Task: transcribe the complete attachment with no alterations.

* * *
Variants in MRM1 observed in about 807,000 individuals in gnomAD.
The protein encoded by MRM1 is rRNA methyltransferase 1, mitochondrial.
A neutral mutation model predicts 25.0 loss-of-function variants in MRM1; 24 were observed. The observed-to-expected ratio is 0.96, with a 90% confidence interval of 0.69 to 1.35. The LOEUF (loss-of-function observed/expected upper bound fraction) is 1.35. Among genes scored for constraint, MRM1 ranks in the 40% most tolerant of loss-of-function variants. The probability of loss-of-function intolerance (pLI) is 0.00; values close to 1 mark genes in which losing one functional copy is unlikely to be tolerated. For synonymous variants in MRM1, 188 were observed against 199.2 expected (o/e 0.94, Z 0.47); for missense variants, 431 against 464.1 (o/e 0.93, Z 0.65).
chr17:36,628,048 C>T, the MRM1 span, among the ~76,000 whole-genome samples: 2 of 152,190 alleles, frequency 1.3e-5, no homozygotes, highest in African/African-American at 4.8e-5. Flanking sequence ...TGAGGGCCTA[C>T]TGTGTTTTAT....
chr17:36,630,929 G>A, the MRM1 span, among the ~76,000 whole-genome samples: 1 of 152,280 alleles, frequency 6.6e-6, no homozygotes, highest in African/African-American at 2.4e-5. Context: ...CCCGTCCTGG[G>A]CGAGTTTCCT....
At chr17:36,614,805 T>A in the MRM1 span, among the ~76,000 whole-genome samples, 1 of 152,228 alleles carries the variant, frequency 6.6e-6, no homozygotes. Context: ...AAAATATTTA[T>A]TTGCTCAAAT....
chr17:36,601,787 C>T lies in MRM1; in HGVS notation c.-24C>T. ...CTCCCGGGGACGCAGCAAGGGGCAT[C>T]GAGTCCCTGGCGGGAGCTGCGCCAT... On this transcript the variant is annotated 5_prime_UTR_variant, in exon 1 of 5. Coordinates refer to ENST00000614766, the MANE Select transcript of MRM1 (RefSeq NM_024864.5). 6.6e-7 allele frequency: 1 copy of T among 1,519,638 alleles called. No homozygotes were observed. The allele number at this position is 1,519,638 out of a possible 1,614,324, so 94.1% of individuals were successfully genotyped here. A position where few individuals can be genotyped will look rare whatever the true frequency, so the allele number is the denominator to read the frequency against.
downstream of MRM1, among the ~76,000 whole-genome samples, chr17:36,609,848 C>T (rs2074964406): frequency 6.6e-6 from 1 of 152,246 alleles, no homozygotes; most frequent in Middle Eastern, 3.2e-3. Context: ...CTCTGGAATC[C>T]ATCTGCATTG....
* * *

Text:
Variants in MRM1 observed in about 807,000 individuals in gnomAD.
The protein encoded by MRM1 is rRNA methyltransferase 1, mitochondrial.
A neutral mutation model predicts 25.0 loss-of-function variants in MRM1; 24 were observed. The observed-to-expected ratio is 0.96, with a 90% confidence interval of 0.69 to 1.35. The LOEUF (loss-of-function observed/expected upper bound fraction) is 1.35. Among genes scored for constraint, MRM1 ranks in the 40% most tolerant of loss-of-function variants. The probability of loss-of-function intolerance (pLI) is 0.00; values close to 1 mark genes in which losing one functional copy is unlikely to be tolerated. For synonymous variants in MRM1, 188 were observed against 199.2 expected (o/e 0.94, Z 0.47); for missense variants, 431 against 464.1 (o/e 0.93, Z 0.65).
chr17:36,628,048 C>T, the MRM1 span, among the ~76,000 whole-genome samples: 2 of 152,190 alleles, frequency 1.3e-5, no homozygotes, highest in African/African-American at 4.8e-5. Flanking sequence ...TGAGGGCCTA[C>T]TGTGTTTTAT....
chr17:36,630,929 G>A, the MRM1 span, among the ~76,000 whole-genome samples: 1 of 152,280 alleles, frequency 6.6e-6, no homozygotes, highest in African/African-American at 2.4e-5. Context: ...CCCGTCCTGG[G>A]CGAGTTTCCT....
At chr17:36,614,805 T>A in the MRM1 span, among the ~76,000 whole-genome samples, 1 of 152,228 alleles carries the variant, frequency 6.6e-6, no homozygotes. Context: ...AAAATATTTA[T>A]TTGCTCAAAT....
chr17:36,601,787 C>T lies in MRM1; in HGVS notation c.-24C>T. ...CTCCCGGGGACGCAGCAAGGGGCAT[C>T]GAGTCCCTGGCGGGAGCTGCGCCAT... On this transcript the variant is annotated 5_prime_UTR_variant, in exon 1 of 5. Coordinates refer to ENST00000614766, the MANE Select transcript of MRM1 (RefSeq NM_024864.5). 6.6e-7 allele frequency: 1 copy of T among 1,519,638 alleles called. No homozygotes were observed. The allele number at this position is 1,519,638 out of a possible 1,614,324, so 94.1% of individuals were successfully genotyped here. A position where few individuals can be genotyped will look rare whatever the true frequency, so the allele number is the denominator to read the frequency against.
downstream of MRM1, among the ~76,000 whole-genome samples, chr17:36,609,848 C>T (rs2074964406): frequency 6.6e-6 from 1 of 152,246 alleles, no homozygotes; most frequent in Middle Eastern, 3.2e-3. Context: ...CTCTGGAATC[C>T]ATCTGCATTG....